I used to see babywearing simply as a practical choice, for convenience above all else. My first child, my son, spent the first year of his life in Kathmandu, Nepal. I had been living there for four years when he was born. Across Nepal, parents carry their children on their backs wrapped in a sari or shawl, largely to allow them to continue with their daily chores whilst tending to their child. Raising my son in a babywearing culture, I opted for a Lovey Duds stretchy wrap and carried him on my front. Many of the local people I passed while wearing him would comment, “Look how much that woman loves her baby, she’s carrying him on her front!” They weren’t wrong. While babywearing had started out as my only feasible option, it became an integral part of my journey through motherhood.
I wore both my children. From day one they were carried in a stretchy wrap, and later a woven wrap or buckle carrier. Babywearing gave us closeness. When they were just a few days old, with their tiny curled-up bodies snuggled next to me, I could feel our connection deepening and my love for them overflowing. In those early days when I wore my babies, they were totally content, and so was I.
As my babies became more aware of the world around them, the wrap gave them a safe space from which to explore. When they felt overwhelmed or overstimulated, they could hide in this safe space and settle calmly there. As they grew even bigger and I started to wear them on my back, we would ‘talk’ about the things we could see around us. We would laugh at sounds we heard and point out things we liked, engaging in a dialogue before they had even spoken their first words. It felt natural for me to keep my children close, to build our connection and to strengthen the bond between us.
My husband also enjoyed babywearing. One of the more practical advantages for us was the convenience. In Nepal, there are no other options for getting around with a child other than babywearing. The roads are bumpy, dusty and often flooded after monsoon downpours, which makes using a buggy impossible. Public transport is not buggy-friendly, and it is commonplace to hand your baby to a sitting stranger if there is only standing space available, unless your baby is in a carrier in which case you will normally be offered a seat. Furthermore, the pollution in Kathmandu makes the air thick with fumes, and the carrier can offer some form of protection from the worst of the grime.
My daughter was born in our current home, Norway, and although the environment here is much more baby-friendly, the convenience of the carrier is still relevant. In the first few weeks of my babies’ lives they would be very unsettled in the early evening – the witching hours. This coincided with kindergarten pickup or dinner preparation, times when my focus was split between my newborn and the task at hand. The carrier offered a place of safety; they would settle down nestled next to me, leaving me hands-free to complete whatever I needed to accomplish. I was also quite active during my daughter’s first few months. I was engaged in several mums’ groups and we would often meet for walks in the neighbouring forest or for hikes in the hills. Using a carrier gave me the freedom to do this; I wasn’t restricted to gravel trails and could go off route into the forest – good for body and soul, for my mental health and for my daughter’s growing mind.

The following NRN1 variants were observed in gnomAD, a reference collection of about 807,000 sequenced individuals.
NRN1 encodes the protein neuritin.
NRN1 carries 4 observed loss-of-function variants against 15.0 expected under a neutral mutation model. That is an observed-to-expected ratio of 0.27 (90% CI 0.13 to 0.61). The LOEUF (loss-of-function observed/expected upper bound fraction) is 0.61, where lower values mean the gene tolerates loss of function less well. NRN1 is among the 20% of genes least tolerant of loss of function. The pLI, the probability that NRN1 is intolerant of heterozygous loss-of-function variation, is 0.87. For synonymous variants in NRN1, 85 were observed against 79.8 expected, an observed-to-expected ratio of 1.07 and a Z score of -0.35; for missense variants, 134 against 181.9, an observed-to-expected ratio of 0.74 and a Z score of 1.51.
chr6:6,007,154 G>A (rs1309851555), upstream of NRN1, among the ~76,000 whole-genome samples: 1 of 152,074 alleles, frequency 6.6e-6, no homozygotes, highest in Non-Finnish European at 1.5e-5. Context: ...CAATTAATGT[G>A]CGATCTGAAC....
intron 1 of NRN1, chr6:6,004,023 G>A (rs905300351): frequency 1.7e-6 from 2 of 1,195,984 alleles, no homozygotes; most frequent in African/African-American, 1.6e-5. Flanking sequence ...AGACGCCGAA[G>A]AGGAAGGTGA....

Convenience aside, babywearing brought me into a new community of like-minded parents. After my daughter was born, I wanted to try other carriers, and so I joined an Oslo Sling Library meet-up. This meet-up was held in a cosy cafe, and brought together parents like me who enjoyed babywearing and wanted to learn more. It was a social space as well as a learning platform, and I found myself attending meet-ups even when I didn’t need any advice. As I got to know the hosts and watched their interactions with parents, I realised I too wanted to help parents to love babywearing as much as I did, and so I enrolled onto a Slingababy consultancy course. Now I attend meet-ups as a consultant, to help parents with their questions and concerns about babywearing. Most recently, I managed to convert a group of mums to woven wraps – my personal favourite! It was empowering to see these women growing in confidence with carrying their babies and exploring something new.
Initially, babywearing wasn’t really a choice, but a necessity. Once my babywearing journey began, however, I plunged headfirst down the rabbit hole. I love the closeness it gave me to my children, the freedom it allowed me to carry on doing the things I enjoyed, and the community it brought me to. Though babywearing may not have been a natural choice for me at first, now I wouldn’t have it any other way.
Sarah Shrestha-Howlett is a development graduate, TEFL and kindergarten teacher, and mother of two, living in Oslo. Prior to moving to Norway, Sarah lived in Nepal where she worked as a teacher and NGO volunteer, and where she met her husband and had her first child. Sarah volunteers for Oslo Sling Library where she helps other parents with babywearing.
First published in Issue 68 of JUNO. Accurate at the time this issue went to print.